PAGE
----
Queen of flowers
Kiran Narain

Roses in a bed
Roses in a bed

Undoubtedly the most popular and widely cultivated of the flowers around the world, roses (Fam. Rosaceae) have a long and interesting history. Homer alludes to the rose in his Iliad and the Odyssey and Sappho, Greek poetess, called it the "Queen of Flowers" way back in the 6th -7th Century BC. Josephine of France (1763-1814) is said to have got planted 1000 varieties of rose in her garden at Malmaison. Every year new varieties are being introduced by nurseries and over 20,000 named varieties of hybrid roses are sold.

October-November is the ideal period, in North Indian plains, for planting new rose plants. Ideally grown in a separate rose garden, roses can also be grown in individual beds, borders, over arches and as screens or even in pots and tubs depending on the size of the garden as well as the individual tastes of the person growing them. It would be a good idea to have a group or bed of bush Hybrid Tea and Floribunda roses together while Standards or Half-Standards can be used to flank paths or used as specimen plants in beds or tubs.

There is such a large variety of roses offered by nurseries that it may be a good idea to visit a rose nursery and make a list of desired varieties when in bloom, and even book them then. A number of well-tried varieties in different colours are:

Crimson: Mr. Lincoln, Crimson Glory, Gen. McArthur, Papa Meilland, Christian Dior and Raktagandha.

Orange: Superstar, Alexander Cherry Brandy, Indian Princess Orange Spark as well as Orange Sensation, Flamengo, Sunfire and Zambra in Floribunda.

Yellow: Gold Medal, Brown Velvet, Buccaneer, Summer Sunshine, King’s Ransom, Sun Blast and Canary.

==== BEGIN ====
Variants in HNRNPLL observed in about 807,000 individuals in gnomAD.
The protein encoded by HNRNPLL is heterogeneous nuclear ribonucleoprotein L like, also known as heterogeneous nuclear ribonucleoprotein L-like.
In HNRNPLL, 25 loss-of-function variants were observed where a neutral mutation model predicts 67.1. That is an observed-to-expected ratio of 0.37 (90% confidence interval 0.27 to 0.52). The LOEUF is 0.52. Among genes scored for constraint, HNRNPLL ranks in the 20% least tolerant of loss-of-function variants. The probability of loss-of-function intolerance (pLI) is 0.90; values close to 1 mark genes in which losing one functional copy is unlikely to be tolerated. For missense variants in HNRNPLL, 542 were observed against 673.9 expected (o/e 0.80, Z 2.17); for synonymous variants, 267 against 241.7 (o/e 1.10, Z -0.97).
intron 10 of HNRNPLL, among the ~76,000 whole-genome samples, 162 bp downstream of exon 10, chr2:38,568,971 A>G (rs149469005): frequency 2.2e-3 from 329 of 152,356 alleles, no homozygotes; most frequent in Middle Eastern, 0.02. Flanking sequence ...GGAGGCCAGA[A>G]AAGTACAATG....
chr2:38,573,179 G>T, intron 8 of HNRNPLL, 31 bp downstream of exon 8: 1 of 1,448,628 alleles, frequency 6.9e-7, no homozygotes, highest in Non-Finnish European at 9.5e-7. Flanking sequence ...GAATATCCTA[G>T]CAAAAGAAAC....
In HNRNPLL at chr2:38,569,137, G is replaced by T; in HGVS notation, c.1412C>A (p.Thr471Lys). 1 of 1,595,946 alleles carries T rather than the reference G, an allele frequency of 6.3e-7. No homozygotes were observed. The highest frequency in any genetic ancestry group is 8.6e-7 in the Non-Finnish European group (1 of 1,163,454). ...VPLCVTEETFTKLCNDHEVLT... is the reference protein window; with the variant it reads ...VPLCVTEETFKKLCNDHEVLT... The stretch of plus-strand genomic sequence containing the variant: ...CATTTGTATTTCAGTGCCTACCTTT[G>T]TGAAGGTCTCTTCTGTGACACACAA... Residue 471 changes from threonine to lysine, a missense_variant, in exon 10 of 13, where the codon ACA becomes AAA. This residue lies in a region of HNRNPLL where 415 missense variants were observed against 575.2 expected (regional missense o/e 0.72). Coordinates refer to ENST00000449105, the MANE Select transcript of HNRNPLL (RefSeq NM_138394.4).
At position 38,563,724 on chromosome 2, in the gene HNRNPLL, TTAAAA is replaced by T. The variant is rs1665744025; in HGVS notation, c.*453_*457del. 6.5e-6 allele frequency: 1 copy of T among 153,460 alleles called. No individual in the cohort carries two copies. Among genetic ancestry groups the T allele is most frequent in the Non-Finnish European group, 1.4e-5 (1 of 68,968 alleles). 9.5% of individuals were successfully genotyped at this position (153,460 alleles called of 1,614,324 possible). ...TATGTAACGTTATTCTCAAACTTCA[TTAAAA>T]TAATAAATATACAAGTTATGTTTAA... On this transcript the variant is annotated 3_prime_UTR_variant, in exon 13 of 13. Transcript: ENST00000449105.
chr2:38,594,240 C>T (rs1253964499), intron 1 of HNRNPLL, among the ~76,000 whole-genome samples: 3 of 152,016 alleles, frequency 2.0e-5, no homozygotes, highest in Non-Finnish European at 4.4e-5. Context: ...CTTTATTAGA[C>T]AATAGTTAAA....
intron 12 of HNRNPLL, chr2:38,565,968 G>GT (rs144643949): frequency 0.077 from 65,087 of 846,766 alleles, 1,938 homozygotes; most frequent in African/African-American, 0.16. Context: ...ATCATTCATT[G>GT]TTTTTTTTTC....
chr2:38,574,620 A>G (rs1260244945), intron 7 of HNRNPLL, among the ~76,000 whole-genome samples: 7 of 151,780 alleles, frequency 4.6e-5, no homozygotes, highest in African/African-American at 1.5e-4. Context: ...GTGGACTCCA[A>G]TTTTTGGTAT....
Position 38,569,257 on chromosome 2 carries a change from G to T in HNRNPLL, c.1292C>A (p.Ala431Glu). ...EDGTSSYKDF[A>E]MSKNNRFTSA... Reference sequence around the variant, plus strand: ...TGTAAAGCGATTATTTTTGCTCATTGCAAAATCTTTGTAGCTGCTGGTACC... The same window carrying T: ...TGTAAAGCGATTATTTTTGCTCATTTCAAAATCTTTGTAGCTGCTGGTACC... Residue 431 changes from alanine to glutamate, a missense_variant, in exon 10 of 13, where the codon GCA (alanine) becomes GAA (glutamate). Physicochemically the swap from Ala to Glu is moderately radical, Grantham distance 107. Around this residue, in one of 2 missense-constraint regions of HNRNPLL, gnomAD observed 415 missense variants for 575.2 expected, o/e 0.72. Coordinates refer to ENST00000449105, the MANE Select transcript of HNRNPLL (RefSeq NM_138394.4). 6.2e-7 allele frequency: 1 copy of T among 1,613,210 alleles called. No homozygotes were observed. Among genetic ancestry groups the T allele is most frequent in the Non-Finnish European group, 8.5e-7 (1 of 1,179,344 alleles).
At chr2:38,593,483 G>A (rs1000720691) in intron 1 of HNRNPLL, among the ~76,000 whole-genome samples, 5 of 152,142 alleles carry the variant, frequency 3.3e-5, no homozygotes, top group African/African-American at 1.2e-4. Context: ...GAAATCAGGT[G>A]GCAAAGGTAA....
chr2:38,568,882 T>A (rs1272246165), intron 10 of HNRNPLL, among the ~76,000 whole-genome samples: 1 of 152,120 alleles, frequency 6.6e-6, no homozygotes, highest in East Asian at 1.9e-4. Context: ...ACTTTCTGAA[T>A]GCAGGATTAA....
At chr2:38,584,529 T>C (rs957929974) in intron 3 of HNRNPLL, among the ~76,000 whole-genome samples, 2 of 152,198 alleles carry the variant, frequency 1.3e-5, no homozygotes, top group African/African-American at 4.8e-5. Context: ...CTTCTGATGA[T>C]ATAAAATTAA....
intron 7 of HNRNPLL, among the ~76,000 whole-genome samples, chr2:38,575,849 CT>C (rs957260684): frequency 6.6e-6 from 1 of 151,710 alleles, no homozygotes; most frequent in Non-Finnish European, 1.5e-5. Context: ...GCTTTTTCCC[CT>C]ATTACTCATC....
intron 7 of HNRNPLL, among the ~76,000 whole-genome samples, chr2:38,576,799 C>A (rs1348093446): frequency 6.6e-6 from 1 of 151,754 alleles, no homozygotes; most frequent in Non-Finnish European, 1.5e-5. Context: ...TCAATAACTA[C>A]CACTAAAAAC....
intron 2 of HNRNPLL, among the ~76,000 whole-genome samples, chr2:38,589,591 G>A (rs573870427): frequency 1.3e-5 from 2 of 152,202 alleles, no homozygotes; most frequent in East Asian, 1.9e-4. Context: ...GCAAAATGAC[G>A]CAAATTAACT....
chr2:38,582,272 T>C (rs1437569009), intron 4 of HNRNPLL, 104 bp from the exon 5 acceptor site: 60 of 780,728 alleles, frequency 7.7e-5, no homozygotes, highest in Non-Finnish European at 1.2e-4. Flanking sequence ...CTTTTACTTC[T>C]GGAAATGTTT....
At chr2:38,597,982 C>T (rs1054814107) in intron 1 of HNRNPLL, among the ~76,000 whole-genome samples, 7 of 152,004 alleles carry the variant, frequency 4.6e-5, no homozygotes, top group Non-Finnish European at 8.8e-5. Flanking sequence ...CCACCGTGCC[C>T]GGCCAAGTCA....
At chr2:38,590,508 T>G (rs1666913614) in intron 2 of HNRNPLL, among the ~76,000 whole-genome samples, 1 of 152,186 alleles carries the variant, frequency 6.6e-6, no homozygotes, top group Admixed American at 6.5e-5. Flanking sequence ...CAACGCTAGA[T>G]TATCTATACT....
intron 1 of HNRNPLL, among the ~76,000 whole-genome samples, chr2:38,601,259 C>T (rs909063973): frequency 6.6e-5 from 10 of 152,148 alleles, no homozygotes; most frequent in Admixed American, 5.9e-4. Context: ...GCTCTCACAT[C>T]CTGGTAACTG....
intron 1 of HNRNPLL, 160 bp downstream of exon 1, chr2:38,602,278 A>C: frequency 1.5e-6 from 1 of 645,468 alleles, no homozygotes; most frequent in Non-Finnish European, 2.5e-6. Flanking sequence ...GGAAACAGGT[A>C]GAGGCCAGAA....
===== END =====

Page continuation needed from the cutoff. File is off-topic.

Mauve: Lady X, Paradise, Blue Moon and Shocking Blue.

Pink: Dr. B. P. Pal, Queen Elizabeth, Fragrant Cloud, Eiffel Tower, Mischief, First Love and Hawa Mahal.

White: Pascal, Bill Temple, White Masterpiece, and Summer Snow.

Roses grow successfully on a wide range of soils but it should be well dug and well drained, incorporating large amounts of organic manure. As far as possible, choose an open, sunny site, ideally sheltered, facing southeast. Bone meal, hoof and horn meal and sulphate of potash can be forked in the top 6 in. of soil. Since roses are essentially surface-soil feeders, care has to be taken for regular deweeding of the beds. Evens soils which have grown roses for 10 years or more get rose-sick unless the top soil is changed, which my be a cumbersome process for a normal garden lover.

Well-developed plants, of the desired varieties, should be chosen keeping in mind that each plant has at least three healthy canes coming out of a strong bud-union and matured grafts of at least six months of age should be procured. Generally Hybrid Tea and Floribunda roses need 2-3 feet of spacing whereas Standard roses require 3 feet and Miniatures about 1 ft space. However, climbers and Ramblers require about 6 ft of space.

Before planting, the roots may need a little pruning to remove damaged portions and extra long roots. The plant should ideally sit on a mound of soil, in the pit, accommodating the roots without bending and twisting. The bud-union should be just below the ground level for bushes and the soil well firmed.

To maintain soil fertility, mulching with well decayed organic manure, 2-3 in. thick, will not only add nutrients to the soil but also conserve soil moisture. In addition, foliar feeding would also enhance the beauty of your roses, which will produce exquisitely shaped, often fragrant, beautifully coloured blooms, which decorate gardens for long periods.